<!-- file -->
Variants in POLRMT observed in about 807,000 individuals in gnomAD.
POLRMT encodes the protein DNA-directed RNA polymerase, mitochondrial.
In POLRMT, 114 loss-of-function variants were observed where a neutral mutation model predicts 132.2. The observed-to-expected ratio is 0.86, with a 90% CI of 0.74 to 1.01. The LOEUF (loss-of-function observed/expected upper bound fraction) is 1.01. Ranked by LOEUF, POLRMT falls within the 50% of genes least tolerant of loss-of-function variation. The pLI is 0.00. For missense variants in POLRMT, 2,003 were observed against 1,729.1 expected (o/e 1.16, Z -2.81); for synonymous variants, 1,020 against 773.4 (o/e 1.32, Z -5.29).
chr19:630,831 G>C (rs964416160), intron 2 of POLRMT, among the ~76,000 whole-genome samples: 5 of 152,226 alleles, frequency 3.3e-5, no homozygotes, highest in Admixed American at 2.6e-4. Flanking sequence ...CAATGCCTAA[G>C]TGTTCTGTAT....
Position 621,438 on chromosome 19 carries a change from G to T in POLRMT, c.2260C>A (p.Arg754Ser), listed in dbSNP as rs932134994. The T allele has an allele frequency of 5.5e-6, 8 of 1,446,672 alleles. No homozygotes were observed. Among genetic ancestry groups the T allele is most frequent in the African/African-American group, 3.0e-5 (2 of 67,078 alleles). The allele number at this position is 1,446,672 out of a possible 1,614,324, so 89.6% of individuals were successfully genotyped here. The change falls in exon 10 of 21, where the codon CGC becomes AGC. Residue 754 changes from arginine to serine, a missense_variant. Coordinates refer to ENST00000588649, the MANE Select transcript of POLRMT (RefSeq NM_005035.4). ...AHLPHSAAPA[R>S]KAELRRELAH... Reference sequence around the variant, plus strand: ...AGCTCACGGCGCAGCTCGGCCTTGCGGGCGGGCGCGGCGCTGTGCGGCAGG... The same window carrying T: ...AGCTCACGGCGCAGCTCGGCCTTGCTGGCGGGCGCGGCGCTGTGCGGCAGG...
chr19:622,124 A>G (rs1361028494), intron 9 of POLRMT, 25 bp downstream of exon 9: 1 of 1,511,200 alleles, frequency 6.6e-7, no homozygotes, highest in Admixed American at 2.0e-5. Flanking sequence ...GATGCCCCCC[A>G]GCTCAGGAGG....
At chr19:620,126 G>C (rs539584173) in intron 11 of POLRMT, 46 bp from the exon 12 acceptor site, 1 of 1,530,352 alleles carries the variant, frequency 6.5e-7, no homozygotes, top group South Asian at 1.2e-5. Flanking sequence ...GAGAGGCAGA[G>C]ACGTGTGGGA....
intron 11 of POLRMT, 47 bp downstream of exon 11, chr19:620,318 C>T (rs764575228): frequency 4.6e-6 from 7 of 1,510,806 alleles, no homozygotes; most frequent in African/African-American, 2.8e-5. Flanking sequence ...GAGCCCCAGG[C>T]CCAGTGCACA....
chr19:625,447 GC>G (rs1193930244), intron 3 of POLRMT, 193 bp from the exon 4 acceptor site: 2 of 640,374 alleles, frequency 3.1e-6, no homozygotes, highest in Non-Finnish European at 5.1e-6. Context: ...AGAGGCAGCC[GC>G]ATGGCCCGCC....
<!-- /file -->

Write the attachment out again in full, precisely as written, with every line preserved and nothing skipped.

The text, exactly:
Variants in POLRMT observed in about 807,000 individuals in gnomAD.
POLRMT encodes the protein DNA-directed RNA polymerase, mitochondrial.
In POLRMT, 114 loss-of-function variants were observed where a neutral mutation model predicts 132.2. The observed-to-expected ratio is 0.86, with a 90% CI of 0.74 to 1.01. The LOEUF (loss-of-function observed/expected upper bound fraction) is 1.01. Ranked by LOEUF, POLRMT falls within the 50% of genes least tolerant of loss-of-function variation. The pLI is 0.00. For missense variants in POLRMT, 2,003 were observed against 1,729.1 expected (o/e 1.16, Z -2.81); for synonymous variants, 1,020 against 773.4 (o/e 1.32, Z -5.29).
chr19:630,831 G>C (rs964416160), intron 2 of POLRMT, among the ~76,000 whole-genome samples: 5 of 152,226 alleles, frequency 3.3e-5, no homozygotes, highest in Admixed American at 2.6e-4. Flanking sequence ...CAATGCCTAA[G>C]TGTTCTGTAT....
Position 621,438 on chromosome 19 carries a change from G to T in POLRMT, c.2260C>A (p.Arg754Ser), listed in dbSNP as rs932134994. The T allele has an allele frequency of 5.5e-6, 8 of 1,446,672 alleles. No homozygotes were observed. Among genetic ancestry groups the T allele is most frequent in the African/African-American group, 3.0e-5 (2 of 67,078 alleles). The allele number at this position is 1,446,672 out of a possible 1,614,324, so 89.6% of individuals were successfully genotyped here. The change falls in exon 10 of 21, where the codon CGC becomes AGC. Residue 754 changes from arginine to serine, a missense_variant. Coordinates refer to ENST00000588649, the MANE Select transcript of POLRMT (RefSeq NM_005035.4). ...AHLPHSAAPA[R>S]KAELRRELAH... Reference sequence around the variant, plus strand: ...AGCTCACGGCGCAGCTCGGCCTTGCGGGCGGGCGCGGCGCTGTGCGGCAGG... The same window carrying T: ...AGCTCACGGCGCAGCTCGGCCTTGCTGGCGGGCGCGGCGCTGTGCGGCAGG...
chr19:622,124 A>G (rs1361028494), intron 9 of POLRMT, 25 bp downstream of exon 9: 1 of 1,511,200 alleles, frequency 6.6e-7, no homozygotes, highest in Admixed American at 2.0e-5. Flanking sequence ...GATGCCCCCC[A>G]GCTCAGGAGG....
At chr19:620,126 G>C (rs539584173) in intron 11 of POLRMT, 46 bp from the exon 12 acceptor site, 1 of 1,530,352 alleles carries the variant, frequency 6.5e-7, no homozygotes, top group South Asian at 1.2e-5. Flanking sequence ...GAGAGGCAGA[G>C]ACGTGTGGGA....
intron 11 of POLRMT, 47 bp downstream of exon 11, chr19:620,318 C>T (rs764575228): frequency 4.6e-6 from 7 of 1,510,806 alleles, no homozygotes; most frequent in African/African-American, 2.8e-5. Flanking sequence ...GAGCCCCAGG[C>T]CCAGTGCACA....
chr19:625,447 GC>G (rs1193930244), intron 3 of POLRMT, 193 bp from the exon 4 acceptor site: 2 of 640,374 alleles, frequency 3.1e-6, no homozygotes, highest in Non-Finnish European at 5.1e-6. Context: ...AGAGGCAGCC[GC>G]ATGGCCCGCC....